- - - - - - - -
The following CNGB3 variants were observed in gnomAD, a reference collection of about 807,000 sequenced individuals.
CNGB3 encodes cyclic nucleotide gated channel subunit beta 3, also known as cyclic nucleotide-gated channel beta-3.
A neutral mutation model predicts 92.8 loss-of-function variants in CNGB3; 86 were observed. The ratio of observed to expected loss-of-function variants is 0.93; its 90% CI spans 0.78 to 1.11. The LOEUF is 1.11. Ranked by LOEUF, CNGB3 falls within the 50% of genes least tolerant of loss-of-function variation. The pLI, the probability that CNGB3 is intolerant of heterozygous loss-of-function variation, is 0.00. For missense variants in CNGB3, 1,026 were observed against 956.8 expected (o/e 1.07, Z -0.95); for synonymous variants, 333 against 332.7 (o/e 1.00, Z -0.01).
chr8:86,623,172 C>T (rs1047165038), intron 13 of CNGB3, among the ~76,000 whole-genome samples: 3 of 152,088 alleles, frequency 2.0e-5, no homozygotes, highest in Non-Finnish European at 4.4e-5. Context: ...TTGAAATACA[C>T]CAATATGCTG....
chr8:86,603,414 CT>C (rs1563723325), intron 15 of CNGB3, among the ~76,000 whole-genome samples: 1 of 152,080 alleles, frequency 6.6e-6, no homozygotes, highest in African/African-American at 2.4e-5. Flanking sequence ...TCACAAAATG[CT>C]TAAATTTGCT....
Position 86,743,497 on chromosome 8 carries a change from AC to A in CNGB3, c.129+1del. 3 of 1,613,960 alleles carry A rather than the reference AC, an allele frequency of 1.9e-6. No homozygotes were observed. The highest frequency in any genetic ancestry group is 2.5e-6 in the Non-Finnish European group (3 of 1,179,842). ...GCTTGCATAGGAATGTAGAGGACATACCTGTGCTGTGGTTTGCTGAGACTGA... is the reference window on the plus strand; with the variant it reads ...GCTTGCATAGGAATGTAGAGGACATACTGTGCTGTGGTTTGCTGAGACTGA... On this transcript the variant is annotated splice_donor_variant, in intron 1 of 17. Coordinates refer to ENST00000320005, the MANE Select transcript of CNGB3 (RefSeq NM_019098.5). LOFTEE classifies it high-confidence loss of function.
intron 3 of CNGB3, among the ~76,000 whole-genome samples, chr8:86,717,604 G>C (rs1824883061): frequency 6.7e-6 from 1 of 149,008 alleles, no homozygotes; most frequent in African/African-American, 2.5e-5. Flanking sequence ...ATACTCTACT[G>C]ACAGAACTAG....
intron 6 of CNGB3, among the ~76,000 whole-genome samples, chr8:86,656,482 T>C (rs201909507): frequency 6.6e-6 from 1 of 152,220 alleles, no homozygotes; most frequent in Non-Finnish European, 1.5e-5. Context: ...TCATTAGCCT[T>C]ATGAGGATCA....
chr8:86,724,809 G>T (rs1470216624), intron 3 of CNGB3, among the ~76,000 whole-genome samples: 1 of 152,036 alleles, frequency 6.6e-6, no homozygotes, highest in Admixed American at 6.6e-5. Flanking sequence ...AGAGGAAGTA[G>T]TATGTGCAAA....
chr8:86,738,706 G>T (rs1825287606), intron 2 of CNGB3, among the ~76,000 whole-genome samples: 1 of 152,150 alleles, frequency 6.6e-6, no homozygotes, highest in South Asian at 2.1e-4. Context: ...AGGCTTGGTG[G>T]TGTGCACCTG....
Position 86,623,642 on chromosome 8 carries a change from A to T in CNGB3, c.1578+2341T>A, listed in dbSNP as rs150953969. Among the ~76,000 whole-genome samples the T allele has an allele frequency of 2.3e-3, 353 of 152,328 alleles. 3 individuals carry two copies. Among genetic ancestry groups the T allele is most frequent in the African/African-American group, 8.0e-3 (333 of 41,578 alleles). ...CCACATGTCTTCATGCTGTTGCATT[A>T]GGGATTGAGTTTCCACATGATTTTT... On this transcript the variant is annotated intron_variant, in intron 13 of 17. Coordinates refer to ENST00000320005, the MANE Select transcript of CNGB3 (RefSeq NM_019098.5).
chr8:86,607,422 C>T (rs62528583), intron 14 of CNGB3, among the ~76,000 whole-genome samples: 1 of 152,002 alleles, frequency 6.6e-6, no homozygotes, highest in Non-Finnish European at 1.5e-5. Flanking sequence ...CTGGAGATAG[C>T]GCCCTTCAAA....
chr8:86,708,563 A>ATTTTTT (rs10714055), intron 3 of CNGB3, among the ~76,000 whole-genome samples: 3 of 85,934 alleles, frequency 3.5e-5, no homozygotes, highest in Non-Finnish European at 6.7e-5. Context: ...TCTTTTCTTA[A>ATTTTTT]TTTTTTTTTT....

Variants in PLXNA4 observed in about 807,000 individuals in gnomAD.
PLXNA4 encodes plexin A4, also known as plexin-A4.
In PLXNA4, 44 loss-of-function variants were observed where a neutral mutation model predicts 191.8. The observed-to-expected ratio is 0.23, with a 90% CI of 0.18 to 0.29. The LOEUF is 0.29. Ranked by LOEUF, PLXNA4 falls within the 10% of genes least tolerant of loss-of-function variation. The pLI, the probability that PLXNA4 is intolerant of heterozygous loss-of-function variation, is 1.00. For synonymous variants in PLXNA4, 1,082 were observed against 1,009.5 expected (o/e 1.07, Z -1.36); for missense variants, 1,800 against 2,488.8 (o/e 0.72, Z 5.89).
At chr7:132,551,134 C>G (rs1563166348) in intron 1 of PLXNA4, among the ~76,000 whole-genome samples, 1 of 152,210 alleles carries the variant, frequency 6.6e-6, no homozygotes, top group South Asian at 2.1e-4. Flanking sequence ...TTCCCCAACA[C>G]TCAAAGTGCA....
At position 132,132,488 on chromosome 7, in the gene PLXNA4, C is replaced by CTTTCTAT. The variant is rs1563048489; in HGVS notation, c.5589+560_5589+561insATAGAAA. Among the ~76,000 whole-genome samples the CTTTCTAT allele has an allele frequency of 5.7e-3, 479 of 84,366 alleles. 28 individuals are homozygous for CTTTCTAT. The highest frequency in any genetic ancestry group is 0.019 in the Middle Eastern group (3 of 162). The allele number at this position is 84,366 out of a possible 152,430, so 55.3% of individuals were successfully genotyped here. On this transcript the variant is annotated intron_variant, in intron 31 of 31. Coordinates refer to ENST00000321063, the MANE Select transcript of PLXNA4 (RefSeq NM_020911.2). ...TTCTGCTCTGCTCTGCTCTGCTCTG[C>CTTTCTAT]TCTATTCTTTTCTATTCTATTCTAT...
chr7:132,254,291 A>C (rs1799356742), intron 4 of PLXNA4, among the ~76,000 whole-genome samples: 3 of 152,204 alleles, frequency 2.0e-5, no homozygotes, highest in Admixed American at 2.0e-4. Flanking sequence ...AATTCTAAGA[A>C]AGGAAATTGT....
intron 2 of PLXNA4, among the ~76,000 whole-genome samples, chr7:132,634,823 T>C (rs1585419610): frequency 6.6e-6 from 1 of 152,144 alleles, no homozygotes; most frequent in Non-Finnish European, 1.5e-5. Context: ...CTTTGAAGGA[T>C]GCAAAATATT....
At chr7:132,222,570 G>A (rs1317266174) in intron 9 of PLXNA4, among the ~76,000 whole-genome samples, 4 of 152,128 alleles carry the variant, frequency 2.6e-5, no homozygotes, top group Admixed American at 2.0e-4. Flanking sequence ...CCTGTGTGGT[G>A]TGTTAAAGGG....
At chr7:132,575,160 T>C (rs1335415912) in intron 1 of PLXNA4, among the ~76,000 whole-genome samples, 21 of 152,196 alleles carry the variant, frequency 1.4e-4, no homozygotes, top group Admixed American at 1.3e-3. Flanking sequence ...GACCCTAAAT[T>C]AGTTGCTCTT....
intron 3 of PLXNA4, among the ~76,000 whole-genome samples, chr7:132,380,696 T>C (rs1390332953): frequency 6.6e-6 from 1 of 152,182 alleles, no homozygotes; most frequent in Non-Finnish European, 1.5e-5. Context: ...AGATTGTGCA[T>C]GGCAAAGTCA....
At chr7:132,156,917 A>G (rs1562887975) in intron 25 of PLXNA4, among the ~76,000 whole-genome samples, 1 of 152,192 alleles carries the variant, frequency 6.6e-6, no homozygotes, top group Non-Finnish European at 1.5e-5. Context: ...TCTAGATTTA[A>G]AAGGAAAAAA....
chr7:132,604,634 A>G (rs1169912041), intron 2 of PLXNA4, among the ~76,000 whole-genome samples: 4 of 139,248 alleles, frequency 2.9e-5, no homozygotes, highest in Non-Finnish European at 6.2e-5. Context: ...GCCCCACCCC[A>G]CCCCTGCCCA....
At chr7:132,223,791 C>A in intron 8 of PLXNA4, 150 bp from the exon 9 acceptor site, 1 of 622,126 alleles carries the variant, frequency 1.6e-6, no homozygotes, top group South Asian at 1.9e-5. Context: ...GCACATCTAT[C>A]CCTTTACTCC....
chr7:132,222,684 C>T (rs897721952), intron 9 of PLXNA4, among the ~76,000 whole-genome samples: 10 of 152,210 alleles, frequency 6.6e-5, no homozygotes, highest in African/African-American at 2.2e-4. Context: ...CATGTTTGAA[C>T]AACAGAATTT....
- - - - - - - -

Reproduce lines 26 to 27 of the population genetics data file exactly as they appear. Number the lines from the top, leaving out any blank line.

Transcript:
At chr7:132,223,791 C>A in intron 8 of PLXNA4, 150 bp from the exon 9 acceptor site, 1 of 622,126 alleles carries the variant, frequency 1.6e-6, no homozygotes, top group South Asian at 1.9e-5. Context: ...GCACATCTAT[C>A]CCTTTACTCC....
chr7:132,222,684 C>T (rs897721952), intron 9 of PLXNA4, among the ~76,000 whole-genome samples: 10 of 152,210 alleles, frequency 6.6e-5, no homozygotes, highest in African/African-American at 2.2e-4. Context: ...CATGTTTGAA[C>T]AACAGAATTT....